- Lime leaves: You will find makrut (or kaffir) lime leaves at many supermarkets, online and at Asian shops. They offer a delicious and subtle flavour of lime that’s not to be missed! The stems are woody, so cut them out before using in a paste or curry.
- Shrimp paste: This is a strong flavoured paste that tastes terrible on it’s own but delicious when cooked or prepared with other ingredients. As it is quite potent, it is used in small quantities in Thai cooking.
- Turmeric: I use ground turmeric for ease. In my own taste tests, I have not seen much benefit in using the fresh stuff but fresh does add a more yellow colour. It is messy to use and stains though so be careful.
Useful kitchen equipment…
You probably already have everything you need to start making this Thai yellow curry paste. Here are a few of the things I use in my kitchen regularly…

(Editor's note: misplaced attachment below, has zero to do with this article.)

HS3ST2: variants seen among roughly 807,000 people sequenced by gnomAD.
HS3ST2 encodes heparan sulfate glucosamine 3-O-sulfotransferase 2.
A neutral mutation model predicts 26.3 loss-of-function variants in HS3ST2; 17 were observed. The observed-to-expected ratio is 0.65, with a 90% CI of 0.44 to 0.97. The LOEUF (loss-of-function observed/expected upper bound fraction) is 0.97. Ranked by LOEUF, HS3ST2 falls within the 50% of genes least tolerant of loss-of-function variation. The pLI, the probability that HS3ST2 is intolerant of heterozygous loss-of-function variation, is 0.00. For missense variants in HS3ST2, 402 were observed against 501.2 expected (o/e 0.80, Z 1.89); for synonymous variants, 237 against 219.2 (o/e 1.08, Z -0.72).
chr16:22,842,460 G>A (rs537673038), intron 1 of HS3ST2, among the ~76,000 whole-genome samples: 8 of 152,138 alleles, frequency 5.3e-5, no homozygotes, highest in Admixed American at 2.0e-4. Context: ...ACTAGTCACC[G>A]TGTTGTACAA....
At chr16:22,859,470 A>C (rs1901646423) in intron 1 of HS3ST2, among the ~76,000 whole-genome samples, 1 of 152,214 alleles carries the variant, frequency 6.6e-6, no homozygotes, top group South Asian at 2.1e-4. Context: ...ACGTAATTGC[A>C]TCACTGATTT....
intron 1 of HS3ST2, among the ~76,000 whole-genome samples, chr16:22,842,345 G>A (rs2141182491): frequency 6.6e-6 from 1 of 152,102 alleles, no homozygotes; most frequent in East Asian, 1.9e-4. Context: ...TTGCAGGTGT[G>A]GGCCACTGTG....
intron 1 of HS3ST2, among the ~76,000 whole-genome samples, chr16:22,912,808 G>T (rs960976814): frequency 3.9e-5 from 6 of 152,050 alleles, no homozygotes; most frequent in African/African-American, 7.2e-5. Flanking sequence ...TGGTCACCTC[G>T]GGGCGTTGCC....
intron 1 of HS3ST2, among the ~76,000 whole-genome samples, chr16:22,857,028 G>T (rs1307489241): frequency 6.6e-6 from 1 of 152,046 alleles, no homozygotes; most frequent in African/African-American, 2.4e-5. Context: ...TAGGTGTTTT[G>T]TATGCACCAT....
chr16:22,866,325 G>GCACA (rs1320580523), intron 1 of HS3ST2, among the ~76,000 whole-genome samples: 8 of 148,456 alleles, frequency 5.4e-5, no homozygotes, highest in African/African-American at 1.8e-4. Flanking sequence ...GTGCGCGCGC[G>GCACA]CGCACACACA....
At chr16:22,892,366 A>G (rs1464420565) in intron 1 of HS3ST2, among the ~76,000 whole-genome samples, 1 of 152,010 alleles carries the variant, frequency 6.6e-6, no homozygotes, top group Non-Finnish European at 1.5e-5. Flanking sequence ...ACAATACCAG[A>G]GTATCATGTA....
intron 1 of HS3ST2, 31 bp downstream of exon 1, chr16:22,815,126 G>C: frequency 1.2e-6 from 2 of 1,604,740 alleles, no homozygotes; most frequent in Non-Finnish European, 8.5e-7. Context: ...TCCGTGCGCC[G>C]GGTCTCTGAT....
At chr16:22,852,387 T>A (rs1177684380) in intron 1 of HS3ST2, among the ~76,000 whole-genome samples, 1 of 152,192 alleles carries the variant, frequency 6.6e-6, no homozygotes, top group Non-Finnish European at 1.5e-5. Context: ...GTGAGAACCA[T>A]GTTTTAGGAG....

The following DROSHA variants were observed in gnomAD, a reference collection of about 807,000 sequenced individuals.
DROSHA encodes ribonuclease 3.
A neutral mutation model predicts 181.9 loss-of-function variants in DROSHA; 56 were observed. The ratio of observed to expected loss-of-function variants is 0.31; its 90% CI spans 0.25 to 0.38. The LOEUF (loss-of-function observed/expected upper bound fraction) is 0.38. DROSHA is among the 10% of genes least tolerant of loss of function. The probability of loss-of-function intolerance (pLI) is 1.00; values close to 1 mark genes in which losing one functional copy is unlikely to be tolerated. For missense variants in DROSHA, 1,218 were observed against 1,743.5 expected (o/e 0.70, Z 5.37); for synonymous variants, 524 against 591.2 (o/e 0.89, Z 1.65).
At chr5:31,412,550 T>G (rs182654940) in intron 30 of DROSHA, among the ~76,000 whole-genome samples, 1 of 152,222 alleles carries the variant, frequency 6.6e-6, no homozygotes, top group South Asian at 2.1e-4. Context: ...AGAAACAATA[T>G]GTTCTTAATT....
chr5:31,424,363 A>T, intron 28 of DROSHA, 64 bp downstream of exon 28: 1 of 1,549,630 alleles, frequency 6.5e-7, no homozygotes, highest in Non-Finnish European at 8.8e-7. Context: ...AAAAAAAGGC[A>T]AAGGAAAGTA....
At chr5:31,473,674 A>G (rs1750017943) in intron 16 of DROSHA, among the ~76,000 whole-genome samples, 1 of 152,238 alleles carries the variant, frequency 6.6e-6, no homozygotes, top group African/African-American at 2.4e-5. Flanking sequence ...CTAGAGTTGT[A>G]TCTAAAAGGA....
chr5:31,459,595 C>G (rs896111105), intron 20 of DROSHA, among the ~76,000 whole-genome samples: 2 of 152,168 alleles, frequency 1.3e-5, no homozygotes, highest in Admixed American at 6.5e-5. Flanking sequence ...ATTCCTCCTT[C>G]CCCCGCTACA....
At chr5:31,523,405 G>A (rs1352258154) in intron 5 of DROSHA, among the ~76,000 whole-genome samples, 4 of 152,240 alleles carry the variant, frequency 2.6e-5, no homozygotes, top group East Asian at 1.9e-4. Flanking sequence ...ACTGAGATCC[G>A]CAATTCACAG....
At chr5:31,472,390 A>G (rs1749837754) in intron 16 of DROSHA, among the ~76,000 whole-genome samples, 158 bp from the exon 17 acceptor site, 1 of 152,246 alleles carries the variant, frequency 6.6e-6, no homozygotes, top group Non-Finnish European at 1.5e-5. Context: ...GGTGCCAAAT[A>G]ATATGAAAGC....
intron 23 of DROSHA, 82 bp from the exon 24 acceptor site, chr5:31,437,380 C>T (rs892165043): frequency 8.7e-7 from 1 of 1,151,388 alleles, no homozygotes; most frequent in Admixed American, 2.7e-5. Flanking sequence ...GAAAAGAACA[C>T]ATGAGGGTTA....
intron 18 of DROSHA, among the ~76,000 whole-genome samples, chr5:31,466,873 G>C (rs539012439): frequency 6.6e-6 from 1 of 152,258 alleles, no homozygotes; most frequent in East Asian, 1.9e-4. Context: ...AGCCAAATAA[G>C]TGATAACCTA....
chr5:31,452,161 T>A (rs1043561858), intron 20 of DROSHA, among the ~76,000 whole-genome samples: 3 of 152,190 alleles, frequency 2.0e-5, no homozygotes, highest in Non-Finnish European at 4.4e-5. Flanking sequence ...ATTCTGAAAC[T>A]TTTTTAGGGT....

- A good chef’s knife: There is a lot of slicing and chopping in the preparation of Thai dishes. One excellent quality knife is much better than a selection of useless knives. So find one you love using and that’s all you’ll need.
- A heavy pestle and mortar: If you want to prepare your Thai yellow curry paste the traditional way, invest in a good pestle and mortar. Every paste needs to be made in a mortar at least once.
- A good blender or food processor: This is how you will probably be preparing your Thai pastes most often. So having a good quality blender or food processor will come in handy.